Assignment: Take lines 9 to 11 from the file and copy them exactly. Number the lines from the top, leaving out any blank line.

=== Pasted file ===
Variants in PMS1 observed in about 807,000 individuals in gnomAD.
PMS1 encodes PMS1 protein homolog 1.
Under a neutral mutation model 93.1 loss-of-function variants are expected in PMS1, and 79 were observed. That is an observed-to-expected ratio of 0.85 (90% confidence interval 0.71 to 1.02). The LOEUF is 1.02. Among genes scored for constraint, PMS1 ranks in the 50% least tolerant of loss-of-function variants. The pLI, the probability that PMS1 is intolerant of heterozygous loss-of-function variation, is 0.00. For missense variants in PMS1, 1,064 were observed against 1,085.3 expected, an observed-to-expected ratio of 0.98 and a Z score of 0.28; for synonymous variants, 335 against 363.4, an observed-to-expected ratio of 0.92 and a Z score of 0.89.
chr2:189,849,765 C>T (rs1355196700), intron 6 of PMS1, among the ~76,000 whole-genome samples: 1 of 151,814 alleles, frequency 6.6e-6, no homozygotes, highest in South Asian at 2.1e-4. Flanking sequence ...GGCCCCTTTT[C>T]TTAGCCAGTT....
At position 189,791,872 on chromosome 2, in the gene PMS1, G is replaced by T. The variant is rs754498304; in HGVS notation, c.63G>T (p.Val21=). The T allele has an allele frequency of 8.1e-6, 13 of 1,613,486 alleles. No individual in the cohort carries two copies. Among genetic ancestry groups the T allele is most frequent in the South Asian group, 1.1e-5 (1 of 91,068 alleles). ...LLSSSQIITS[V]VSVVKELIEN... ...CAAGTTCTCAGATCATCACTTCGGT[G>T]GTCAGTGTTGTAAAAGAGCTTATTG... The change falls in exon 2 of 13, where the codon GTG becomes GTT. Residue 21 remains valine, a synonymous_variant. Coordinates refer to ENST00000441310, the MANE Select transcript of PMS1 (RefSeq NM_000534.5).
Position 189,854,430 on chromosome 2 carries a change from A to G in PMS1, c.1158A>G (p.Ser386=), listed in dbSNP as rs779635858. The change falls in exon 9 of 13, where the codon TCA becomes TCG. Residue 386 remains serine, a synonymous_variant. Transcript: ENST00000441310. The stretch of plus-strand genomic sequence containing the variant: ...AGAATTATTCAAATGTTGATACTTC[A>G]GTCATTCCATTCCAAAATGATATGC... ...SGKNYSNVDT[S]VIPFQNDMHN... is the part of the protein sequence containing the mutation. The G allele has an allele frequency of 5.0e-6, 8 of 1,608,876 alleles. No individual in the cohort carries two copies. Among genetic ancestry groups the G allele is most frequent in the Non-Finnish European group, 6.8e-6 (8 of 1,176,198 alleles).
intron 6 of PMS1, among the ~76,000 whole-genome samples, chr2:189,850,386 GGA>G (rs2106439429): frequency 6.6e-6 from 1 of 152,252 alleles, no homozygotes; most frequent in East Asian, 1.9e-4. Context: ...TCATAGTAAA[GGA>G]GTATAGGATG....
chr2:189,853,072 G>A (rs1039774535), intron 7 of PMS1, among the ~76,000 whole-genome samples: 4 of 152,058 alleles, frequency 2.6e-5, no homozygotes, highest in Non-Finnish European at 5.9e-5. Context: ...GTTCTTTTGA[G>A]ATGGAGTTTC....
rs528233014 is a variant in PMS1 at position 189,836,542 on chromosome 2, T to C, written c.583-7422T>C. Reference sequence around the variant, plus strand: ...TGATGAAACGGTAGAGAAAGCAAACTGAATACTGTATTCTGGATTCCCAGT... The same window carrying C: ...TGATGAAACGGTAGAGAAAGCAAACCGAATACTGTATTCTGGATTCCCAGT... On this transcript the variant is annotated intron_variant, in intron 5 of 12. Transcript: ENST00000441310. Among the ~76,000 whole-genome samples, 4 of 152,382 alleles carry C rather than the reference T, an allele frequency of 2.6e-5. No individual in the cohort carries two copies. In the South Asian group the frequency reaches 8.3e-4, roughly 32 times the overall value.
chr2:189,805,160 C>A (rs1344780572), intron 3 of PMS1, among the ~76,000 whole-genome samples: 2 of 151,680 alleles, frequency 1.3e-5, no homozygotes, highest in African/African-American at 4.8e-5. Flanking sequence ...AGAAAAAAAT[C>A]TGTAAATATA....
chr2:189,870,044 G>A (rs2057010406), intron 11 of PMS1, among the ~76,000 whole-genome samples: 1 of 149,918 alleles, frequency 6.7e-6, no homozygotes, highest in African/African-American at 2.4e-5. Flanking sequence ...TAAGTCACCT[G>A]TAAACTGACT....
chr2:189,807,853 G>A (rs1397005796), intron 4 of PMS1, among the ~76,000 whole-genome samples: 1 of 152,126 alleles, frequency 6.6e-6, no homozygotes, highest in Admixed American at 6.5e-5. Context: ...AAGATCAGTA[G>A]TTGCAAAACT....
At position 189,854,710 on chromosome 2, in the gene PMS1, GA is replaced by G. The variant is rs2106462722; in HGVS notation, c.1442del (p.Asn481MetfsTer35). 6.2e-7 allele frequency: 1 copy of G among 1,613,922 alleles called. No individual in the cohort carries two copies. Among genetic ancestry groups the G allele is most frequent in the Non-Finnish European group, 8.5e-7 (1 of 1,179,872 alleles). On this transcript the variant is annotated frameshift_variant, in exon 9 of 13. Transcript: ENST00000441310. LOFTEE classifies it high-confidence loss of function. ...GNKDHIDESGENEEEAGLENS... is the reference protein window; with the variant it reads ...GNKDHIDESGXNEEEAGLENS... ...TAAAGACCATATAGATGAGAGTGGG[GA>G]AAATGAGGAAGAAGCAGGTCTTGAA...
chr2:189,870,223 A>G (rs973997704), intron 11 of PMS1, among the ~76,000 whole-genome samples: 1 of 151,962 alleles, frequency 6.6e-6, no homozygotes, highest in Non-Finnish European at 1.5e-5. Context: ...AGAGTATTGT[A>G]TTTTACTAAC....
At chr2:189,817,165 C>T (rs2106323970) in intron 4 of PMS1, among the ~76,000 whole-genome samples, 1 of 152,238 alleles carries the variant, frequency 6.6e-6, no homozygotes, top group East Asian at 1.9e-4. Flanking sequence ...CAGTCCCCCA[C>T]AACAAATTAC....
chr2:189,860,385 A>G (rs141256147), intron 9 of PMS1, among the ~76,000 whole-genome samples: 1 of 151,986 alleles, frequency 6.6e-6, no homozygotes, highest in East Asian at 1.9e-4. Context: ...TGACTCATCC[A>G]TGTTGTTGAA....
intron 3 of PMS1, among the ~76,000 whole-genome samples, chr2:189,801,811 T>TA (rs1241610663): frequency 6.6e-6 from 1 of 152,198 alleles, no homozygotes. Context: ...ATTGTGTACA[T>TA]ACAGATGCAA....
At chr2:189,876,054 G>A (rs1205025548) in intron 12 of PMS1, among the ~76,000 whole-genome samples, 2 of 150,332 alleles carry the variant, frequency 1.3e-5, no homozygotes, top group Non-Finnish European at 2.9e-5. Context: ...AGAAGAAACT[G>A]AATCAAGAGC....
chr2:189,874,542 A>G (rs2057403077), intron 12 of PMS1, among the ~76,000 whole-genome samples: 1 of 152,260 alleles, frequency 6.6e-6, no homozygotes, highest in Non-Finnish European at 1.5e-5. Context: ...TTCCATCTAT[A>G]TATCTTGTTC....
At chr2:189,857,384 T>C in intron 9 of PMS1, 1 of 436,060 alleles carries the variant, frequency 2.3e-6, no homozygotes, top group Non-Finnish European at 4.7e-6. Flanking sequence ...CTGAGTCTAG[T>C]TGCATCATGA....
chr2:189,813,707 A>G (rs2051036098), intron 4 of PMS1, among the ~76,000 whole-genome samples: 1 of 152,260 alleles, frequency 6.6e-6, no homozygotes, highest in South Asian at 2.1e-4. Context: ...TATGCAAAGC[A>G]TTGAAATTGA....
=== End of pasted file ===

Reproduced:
rs528233014 is a variant in PMS1 at position 189,836,542 on chromosome 2, T to C, written c.583-7422T>C. Reference sequence around the variant, plus strand: ...TGATGAAACGGTAGAGAAAGCAAACTGAATACTGTATTCTGGATTCCCAGT... The same window carrying C: ...TGATGAAACGGTAGAGAAAGCAAACCGAATACTGTATTCTGGATTCCCAGT... On this transcript the variant is annotated intron_variant, in intron 5 of 12. Transcript: ENST00000441310. Among the ~76,000 whole-genome samples, 4 of 152,382 alleles carry C rather than the reference T, an allele frequency of 2.6e-5. No individual in the cohort carries two copies. In the South Asian group the frequency reaches 8.3e-4, roughly 32 times the overall value.
chr2:189,805,160 C>A (rs1344780572), intron 3 of PMS1, among the ~76,000 whole-genome samples: 2 of 151,680 alleles, frequency 1.3e-5, no homozygotes, highest in African/African-American at 4.8e-5. Flanking sequence ...AGAAAAAAAT[C>A]TGTAAATATA....
chr2:189,870,044 G>A (rs2057010406), intron 11 of PMS1, among the ~76,000 whole-genome samples: 1 of 149,918 alleles, frequency 6.7e-6, no homozygotes, highest in African/African-American at 2.4e-5. Flanking sequence ...TAAGTCACCT[G>A]TAAACTGACT....